Editor's Letter: Undercover Lessons

June 11, 2018

Spieth and McCormick: Dom Fuore/Phone: Josh Edelson/AFP/Getty Images

Cameron McCormick is working with Jordan Spieth on the expansive range at Cam's home course, Trinity Forest, in Jordan's hometown, Dallas. They've been doing this since Jordan was 12 years old, so there's an obvious level of comfort. We've mic'd both player and teacher, and three high-definition video cameras are rolling. We're a fly on the wall, listening in while we watch. They're ignoring us and totally into the lesson.

Jordan hits a 6-iron that carries 200 yards, with a ball speed of 129 miles per hour, a 20-degree launch, an apex of 108 feet, and a right-to-left curve of 48 feet. We know this because we also have them hooked up to Toptracer technology, and our video shows the gentle draw. It looks like a perfect shot, but Jordan is clearly dissatisfied.

"That is an alignment thing," he says. "It's the exact amount of curve and height that I want, and I'm expecting it to start at the right edge of the building [on the horizon], which is where I'm lining up, but I don't think I am." (The arc is actually a bit left of his target.)

"Gotcha," says Cam, as he moves in. "You are aimed there, but the previous attempts at high draws were not successful based on contact. ... You added more face in the delivery, and it gives you the impression that it might be alignment, but if you hit it again, I think you'll deliver the club correctly."

We feel like we're eavesdropping—it's all about tweaks and nuances when the current No. 4 player in the World Golf Ranking meets No. 5 on Golf Digest's 50 Best Teachers ranking.

At the end of Jordan's 37-minute private lesson, Cameron turns to the camera and breaks down the key points they worked on and how you can apply them to your swing. It's the start of a new series of instruction videos with top teachers and tour pros called Undercover Lessons. The cover story, "A Great Round Starts With A Great Warm-Up," gives you the basics, but for the full curriculum, check out GolfDigest.com/schools to get an All Access membership that includes:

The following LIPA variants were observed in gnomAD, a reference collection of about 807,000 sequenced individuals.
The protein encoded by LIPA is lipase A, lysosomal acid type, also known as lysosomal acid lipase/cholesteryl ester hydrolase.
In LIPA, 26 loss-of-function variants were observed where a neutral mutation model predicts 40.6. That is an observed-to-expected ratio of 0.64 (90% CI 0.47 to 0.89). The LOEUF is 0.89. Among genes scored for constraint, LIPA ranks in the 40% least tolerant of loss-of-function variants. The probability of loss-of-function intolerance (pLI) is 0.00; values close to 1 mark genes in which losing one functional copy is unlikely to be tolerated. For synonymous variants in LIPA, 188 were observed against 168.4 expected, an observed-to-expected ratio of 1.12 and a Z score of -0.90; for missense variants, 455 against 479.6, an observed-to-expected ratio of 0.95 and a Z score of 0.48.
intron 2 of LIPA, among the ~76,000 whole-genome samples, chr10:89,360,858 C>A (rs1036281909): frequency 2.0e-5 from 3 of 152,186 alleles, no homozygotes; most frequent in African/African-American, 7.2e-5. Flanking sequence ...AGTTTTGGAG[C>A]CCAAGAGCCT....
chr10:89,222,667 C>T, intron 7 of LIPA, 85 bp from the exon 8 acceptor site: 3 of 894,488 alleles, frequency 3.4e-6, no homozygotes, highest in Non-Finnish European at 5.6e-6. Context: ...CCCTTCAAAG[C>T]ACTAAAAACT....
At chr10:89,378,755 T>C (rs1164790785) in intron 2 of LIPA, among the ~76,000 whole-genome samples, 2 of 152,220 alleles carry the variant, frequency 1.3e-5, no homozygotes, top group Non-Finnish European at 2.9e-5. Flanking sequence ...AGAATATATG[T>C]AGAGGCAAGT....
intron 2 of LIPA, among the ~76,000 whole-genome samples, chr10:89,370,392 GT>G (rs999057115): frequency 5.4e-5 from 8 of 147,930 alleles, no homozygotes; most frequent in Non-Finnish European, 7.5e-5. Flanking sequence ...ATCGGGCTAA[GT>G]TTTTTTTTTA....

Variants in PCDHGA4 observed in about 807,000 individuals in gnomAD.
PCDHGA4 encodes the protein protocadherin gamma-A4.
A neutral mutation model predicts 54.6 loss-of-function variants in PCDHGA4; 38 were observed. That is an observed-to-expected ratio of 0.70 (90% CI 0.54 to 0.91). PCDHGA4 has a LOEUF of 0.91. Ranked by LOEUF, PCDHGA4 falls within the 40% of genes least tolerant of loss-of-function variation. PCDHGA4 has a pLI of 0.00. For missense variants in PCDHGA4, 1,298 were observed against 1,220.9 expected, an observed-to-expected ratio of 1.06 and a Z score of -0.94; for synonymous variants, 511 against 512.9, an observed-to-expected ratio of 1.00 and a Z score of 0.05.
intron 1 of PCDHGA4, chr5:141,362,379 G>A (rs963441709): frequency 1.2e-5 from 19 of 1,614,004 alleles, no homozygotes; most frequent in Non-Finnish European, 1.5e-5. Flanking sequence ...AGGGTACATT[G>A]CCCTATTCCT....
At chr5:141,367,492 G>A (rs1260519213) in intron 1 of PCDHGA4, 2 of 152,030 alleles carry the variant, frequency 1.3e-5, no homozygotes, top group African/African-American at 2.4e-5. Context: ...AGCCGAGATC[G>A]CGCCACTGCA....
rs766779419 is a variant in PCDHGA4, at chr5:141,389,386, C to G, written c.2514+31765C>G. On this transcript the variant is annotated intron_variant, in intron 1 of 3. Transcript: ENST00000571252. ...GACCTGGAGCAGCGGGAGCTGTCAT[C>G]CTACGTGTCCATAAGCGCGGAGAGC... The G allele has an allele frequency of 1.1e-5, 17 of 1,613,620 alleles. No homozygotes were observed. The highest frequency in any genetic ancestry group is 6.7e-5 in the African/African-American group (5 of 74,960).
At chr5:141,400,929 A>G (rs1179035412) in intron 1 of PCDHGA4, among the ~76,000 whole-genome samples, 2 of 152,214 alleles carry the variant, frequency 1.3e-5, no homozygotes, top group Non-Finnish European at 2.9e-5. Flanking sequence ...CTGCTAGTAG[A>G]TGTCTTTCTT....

▶ Video on demand, kind of a Netflix for golfers with hundreds of original video lessons by the game's best teachers.
▶ Interactive live lessons.
▶ An exclusive digital site where you can post your swing and get it analyzed by a Golf Digest-ranked teacher, with an evaluation from one of our 100 Best Clubfitters.
▶ A year's subscription to the magazine.
▶ All delivered, anywhere, anytime on your devices—mobile, laptop or smart televisions.

"Jordan knows what he feels that I can't see, and I see things he can't feel," McCormick later tells me. "Through the years, there's become an efficiency to our communication—what's said is lean and agile. First lessons are in the construction phase—building swing movements that create ball flights. Then we move into the maintenance and corrective phase in which the teacher looks for what's deviated from the blueprint, and we work on putting it back in place. Spend more time on skills than on swings."

What separates Golf Digest's video lessons from the tips on YouTube is the quality, clarity and sophistication of the learning. "It's all about connecting the dots," Cameron says. "At first, students just see the stars when they look to the sky; they don't see the constellations. Coaching is about completing the picture. The genius of the masters like Butch Harmon and Harvey Penick is in knowing what to say and what not to say to effect the change in behaviors and ball flight.

"Jordan has been an impatient learner, intolerant of error. Even as a kid, he held himself to a standard that he didn't yet possess. He's always pushing for solutions. The average golfer needs a bit more of 'good things come to those who wait,' but Jordan wants improvement now and has the capacity to deliver it.

"When teaching a top player, you have to be quick and responsive because they have the physical attributes to effect change immediately. It's fun to watch. Average golfers are physically challenged and time poor. Average players might have only two hours out of the 168 hours in a week to work on their game. Top players have unlimited time."

No matter where you fit on that continuum, we all have a lot to learn. May the capacity of Jordan Spieth be with you!